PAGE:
Lily Chen — Integrating PayPal Chained Payments in Rails

Lily is a Product Designer based in San Francisco.
Currently, AngelList. Previously, IBM.

↑ Back

Integrating PayPal Chained Payments in Rails

Recently, I’ve noticed a severe lack of tutorials on PayPal API integration. And even if I do end up finding one, it’s very outdated. PayPal’s documentation itself is alright, but not great, so here’s my take.

Disclaimer: I haven’t actually deployed yet. All of this stuff is Sandbox mode for now. I’ll update once I’ve successfully moved into production.

Chained payment

So Chained Payments is a type of Adaptive Payment, which is a Classic API, not REST. A chained payment itself is essentially a transaction where an amount of money can be split among multiple recipients. Unlike Mass Payments, however, this is more geared toward cases where there is one primary receiver (usually the developer), and at least one secondary receiver.

A good usage of this is if you are developing a marketplace and you want to take a cut of the transactions that happen between users on your platform. In this case, you would be the primary receiver so that the buyer only sees that they are paying you and the seller only sees that they are receiving money from you.

API Credentials

Firstly, you have to upgrade your PayPal account to a Business account. Once you’ve done that, follow the instruction here to create a set of Classic API credentials. I stuck with a signature set but certificate should work the same.


Of course, we could follow the cURL instructions but I’ve found Adaptive Payment SDK to be far simplier to understand. Just add gem 'paypal-sdk-adaptivepayments' to your Gemfile and run bundle. This will do a basic set up in your directory, including building a paypal.yml file in your config folder. In that file, update it with your own API credentials. Since we’re still testing in Sandbox, you’ll need to be using APP-80W284485P519543T for your app_id. Once your application is approved by PayPal in the developer portal, you can get a unique app_id to use for production use.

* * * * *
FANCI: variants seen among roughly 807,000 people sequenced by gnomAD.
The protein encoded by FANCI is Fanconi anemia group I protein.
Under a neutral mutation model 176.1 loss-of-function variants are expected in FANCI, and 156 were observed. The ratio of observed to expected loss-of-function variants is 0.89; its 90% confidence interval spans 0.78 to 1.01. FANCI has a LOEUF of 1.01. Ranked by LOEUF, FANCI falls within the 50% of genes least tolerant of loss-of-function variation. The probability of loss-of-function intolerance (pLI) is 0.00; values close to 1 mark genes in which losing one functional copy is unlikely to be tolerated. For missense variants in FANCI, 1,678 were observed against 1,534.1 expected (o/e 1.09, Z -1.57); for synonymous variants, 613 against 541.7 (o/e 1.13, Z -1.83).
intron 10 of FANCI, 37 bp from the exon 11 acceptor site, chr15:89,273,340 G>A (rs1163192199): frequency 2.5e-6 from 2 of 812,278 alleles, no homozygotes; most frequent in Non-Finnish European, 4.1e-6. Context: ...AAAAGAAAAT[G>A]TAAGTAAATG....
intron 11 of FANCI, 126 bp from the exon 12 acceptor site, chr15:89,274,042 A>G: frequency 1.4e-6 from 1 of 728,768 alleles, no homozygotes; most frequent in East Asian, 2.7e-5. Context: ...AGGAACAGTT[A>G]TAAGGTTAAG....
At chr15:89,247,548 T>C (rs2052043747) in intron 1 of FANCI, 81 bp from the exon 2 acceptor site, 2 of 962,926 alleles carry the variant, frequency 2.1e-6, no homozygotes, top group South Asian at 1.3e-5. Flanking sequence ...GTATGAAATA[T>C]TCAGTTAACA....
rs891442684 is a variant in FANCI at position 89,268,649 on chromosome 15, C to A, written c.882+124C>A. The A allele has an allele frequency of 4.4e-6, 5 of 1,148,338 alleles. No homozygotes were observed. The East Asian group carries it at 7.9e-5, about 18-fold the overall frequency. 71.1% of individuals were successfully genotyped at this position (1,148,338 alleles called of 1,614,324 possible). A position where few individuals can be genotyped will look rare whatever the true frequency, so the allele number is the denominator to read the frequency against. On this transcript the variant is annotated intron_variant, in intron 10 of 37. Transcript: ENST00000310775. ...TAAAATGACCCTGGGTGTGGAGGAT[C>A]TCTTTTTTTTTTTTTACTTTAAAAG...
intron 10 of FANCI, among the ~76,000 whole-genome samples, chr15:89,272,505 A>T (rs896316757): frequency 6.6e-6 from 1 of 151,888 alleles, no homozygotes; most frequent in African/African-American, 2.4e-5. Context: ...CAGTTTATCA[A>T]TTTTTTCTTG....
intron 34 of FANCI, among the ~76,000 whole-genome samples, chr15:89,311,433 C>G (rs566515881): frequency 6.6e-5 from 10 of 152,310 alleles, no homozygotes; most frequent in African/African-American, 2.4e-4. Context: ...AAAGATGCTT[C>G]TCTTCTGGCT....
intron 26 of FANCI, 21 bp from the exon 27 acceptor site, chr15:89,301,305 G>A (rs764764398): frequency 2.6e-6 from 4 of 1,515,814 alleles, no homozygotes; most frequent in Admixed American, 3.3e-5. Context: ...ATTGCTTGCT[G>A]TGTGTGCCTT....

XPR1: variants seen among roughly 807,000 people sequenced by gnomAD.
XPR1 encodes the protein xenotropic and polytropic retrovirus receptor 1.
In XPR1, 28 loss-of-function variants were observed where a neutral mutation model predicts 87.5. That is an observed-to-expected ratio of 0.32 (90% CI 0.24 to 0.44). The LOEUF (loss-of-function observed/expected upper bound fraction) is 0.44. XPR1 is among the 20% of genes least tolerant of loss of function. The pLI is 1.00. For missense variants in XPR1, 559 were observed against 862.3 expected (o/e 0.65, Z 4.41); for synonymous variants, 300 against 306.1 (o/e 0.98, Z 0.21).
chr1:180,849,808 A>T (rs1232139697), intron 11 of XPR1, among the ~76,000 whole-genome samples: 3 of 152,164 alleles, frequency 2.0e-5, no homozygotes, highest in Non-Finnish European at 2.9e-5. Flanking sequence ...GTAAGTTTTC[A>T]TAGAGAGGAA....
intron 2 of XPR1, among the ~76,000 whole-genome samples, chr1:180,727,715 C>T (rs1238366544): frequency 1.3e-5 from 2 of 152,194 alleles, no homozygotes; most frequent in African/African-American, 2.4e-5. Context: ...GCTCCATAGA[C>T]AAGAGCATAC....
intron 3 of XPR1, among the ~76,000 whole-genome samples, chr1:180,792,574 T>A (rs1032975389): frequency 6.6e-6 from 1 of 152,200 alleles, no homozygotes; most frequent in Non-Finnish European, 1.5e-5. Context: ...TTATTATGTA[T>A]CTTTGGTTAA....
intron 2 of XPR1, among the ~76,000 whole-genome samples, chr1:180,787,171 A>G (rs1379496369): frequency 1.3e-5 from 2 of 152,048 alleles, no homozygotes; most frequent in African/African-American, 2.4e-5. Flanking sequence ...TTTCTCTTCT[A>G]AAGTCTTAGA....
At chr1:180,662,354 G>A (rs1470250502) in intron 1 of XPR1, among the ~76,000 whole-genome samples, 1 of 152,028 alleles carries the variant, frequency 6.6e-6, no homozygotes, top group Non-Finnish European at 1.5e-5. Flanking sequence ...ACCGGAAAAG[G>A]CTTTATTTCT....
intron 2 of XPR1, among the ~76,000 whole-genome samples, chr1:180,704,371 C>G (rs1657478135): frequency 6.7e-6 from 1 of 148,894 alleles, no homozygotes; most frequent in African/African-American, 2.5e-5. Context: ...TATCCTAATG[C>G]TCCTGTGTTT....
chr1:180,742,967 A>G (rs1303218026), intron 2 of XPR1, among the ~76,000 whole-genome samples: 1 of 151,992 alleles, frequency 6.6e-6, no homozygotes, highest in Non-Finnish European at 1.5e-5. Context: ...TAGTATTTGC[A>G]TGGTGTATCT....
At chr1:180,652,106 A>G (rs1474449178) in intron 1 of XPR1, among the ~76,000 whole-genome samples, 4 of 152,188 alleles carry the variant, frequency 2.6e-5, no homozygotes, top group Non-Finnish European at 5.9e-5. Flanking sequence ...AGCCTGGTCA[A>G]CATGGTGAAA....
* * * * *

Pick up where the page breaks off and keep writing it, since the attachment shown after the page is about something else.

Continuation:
That’s honestly it for the setup. We can then start creating a very simple chained payment. Below, all we do is take a 5% commission from a transaction between the buyer and seller.

def pay
  p = Print.find_by(id: params[:id])
  creator = Creator.find_by(id: p.creator_id)
  price = p.price
  commission = 0.05

  # Build API call
  @api =
  @pay = @api.build_pay({
    :actionType => "PAY",
    :cancelUrl => "http://localhost:3000/p/#{}",
    :returnUrl => "http://localhost:3000/#{p.path}",
    :currencyCode => "USD",
    :feesPayer => "PRIMARYRECEIVER",
    :ipnNotificationUrl => "http://localhost:3000/paypal/ipn_notify",
    :receiverList => {
      :receiver => [
          :amount => price,
          :email => "",
          :primary => true
          :amount => price * (1 - commission),
          :email => "",
          :primary => false
    :memo => "Transaction for #{}"
  } || default_api_value)

  # Make API call
  @pay_response =

  # Check if call was valid, if so, redirect to PayPal payment url
  if @pay_response.success?
    t = Transaction.create(print_id:, seller_id:, )
    if current_user

    redirect_to @api.payment_url(@pay_response)
    redirect_to "/p/#{}", alert: "Something went wrong. Please contact support."


I may write another post sometime in the future on how to handle IPN notifications but for now, this is a pretty basic set up for using PayPal SDKs.